On June 25, 2014, three months after he entered his guilty plea, and while he was still represented by Satawa, Detloff filed a pro se motion to withdraw his guilty plea and dismiss the indictment. (D.E. No. 63). Detloff argued that the Government's handling of the case, and in particular the lengthy delays between the federal complaint, the indictment, and his initial appearance, violated the Interstate Agreement on Detainers, the Speedy Trial Act, and the Speedy Trial Clause of the Sixth Amendment. Detloff asserted that Satawa had refused to file the motion on his behalf based on Satawa's position that no violation had occurred.

         On July 2, 2014, Satawa filed a Sentencing Memorandum on behalf of Detloff. (D.E No. 66).

         The next day, on July 3, 2014, Satawa filed a motion to withdraw as defense counsel. (D.E. No. 67). Satawa's motion cited conflicts with his client over Satawa's refusal to file the motion to withdraw the guilty plea or to file certain objections to the presentence report that Satawa believed to lack a proper foundation in the facts and the law. The motion stated that Satawa believed his continued representation of Defendant would conflict with his obligations under Michigan Rules of Professional Conduct and would jeopardize Detloff's constitutional right to effective counsel. (Id. at 3).

         The Court heard the motion to withdraw on July 14, 2014. At that time, Satawa reiterated his concerns about Detloff's insistence that he file motions and objections that he believed to be improper. Detloff, however, informed the Court that he wanted Satawa to continue representing him.

         This Court denied Satawa's motion to withdraw as defense counsel, and ordered that Satawa act as stand-by counsel to Detloff at Sentencing.

         In an Order issued on July 14, 2014, this Court also denied Detloff's motion seeking to withdraw his guilty plea. (D.E. No. 73).

         On July 16, 2014, this Court held a sentencing hearing regarding Detloff's mail theft conviction, and regarding a supervised release violation. This Court ultimately sentenced Detloff to 60 months imprisonment on the mail theft charge, to run concurrently with any undischarged state sentence. This Court also imposed a 24-month sentence on the supervised release charge, to be served consecutively to the mail theft sentence.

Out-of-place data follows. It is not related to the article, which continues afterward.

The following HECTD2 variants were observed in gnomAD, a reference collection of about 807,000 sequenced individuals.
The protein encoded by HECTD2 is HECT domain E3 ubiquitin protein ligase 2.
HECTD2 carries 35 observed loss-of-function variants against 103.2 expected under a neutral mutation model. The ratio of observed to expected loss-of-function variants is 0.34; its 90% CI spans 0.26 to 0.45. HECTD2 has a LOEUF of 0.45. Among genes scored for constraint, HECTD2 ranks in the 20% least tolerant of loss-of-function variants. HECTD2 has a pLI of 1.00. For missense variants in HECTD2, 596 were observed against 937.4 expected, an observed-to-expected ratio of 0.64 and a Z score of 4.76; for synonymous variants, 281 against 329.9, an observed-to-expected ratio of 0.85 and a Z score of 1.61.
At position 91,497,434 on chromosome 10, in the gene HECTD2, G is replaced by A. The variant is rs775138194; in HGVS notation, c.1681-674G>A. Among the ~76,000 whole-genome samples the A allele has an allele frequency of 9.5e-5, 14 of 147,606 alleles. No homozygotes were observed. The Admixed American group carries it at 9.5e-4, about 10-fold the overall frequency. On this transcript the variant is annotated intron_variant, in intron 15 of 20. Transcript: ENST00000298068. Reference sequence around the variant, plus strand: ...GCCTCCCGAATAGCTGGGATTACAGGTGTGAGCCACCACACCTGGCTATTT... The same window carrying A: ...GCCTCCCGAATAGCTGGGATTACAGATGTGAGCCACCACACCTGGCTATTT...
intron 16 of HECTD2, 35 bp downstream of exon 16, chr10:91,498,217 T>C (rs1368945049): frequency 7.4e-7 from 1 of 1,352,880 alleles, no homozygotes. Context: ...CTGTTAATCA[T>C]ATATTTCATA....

Detloff filed a direct appeal. The Sixth Circuit granted Satawa's motion to withdraw and appointed new counsel to represent Detloff on appeal. In his direct appeal, Detloff: 1) appealed his conviction and sentence, entered pursuant to his Rule 11 plea agreement, for mail theft; and 2) appealed his 24-month custodial sentence imposed for his violation of supervised release. On July 15, 2015, the Sixth Circuit issued a decision on Detloff's direct appeal, wherein it: 1) ruled that Detloff's waiver of the right to appeal in his Rule 11 Agreement precluded review of his claims that this Court abused its discretion in denying his motion to withdraw plea and precluded his challenge to his sentence; 2) declined to address Detloff's claim that he suffered a constructive denial of counsel at sentencing, ruling that claim could be raised in post-conviction proceedings; and 3) vacated Detloff's supervised release sentence and remanded for resentencing. United States v. Detloff, 794 F.3d 588 (6th Cir. 2015).

         On September 21, 2015, Detloff filed a pro se Motion under 28 U.S.C. § 2255 to Vacate, Set Aside, or Correct his Sentence. (D.E. No. 94). Detloff used a “fill-in-the-blanks” form order for his § 2255 Motion. Detloff did not file a supporting brief or a reply after the Government filed its brief in opposition to his motion.

         On February 16, 2016, this Court issued an order appointing counsel to represent Detloff for purposes of his pending § 2255 motion. (D.E. No. 101). Attorney Robyn Frankel (“Frankel”) was appointed to represent Detloff.